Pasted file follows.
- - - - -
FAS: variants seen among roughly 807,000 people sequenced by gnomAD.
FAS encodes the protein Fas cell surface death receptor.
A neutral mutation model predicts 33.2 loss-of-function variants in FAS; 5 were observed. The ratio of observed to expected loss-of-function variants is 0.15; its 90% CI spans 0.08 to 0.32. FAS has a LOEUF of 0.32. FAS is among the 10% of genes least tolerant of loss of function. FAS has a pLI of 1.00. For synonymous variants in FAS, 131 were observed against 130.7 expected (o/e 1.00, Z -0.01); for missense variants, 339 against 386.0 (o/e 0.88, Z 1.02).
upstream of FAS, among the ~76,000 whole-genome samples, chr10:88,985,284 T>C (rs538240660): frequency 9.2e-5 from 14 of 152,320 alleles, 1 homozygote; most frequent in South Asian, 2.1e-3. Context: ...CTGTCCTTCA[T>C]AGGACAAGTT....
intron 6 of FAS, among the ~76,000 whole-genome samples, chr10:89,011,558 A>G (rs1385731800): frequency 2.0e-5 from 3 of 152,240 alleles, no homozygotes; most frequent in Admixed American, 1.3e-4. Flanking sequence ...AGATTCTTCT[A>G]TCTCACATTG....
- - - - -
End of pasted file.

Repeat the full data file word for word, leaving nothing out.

FAS: variants seen among roughly 807,000 people sequenced by gnomAD.
FAS encodes the protein Fas cell surface death receptor.
A neutral mutation model predicts 33.2 loss-of-function variants in FAS; 5 were observed. The ratio of observed to expected loss-of-function variants is 0.15; its 90% CI spans 0.08 to 0.32. FAS has a LOEUF of 0.32. FAS is among the 10% of genes least tolerant of loss of function. FAS has a pLI of 1.00. For synonymous variants in FAS, 131 were observed against 130.7 expected (o/e 1.00, Z -0.01); for missense variants, 339 against 386.0 (o/e 0.88, Z 1.02).
upstream of FAS, among the ~76,000 whole-genome samples, chr10:88,985,284 T>C (rs538240660): frequency 9.2e-5 from 14 of 152,320 alleles, 1 homozygote; most frequent in South Asian, 2.1e-3. Context: ...CTGTCCTTCA[T>C]AGGACAAGTT....
intron 6 of FAS, among the ~76,000 whole-genome samples, chr10:89,011,558 A>G (rs1385731800): frequency 2.0e-5 from 3 of 152,240 alleles, no homozygotes; most frequent in Admixed American, 1.3e-4. Flanking sequence ...AGATTCTTCT[A>G]TCTCACATTG....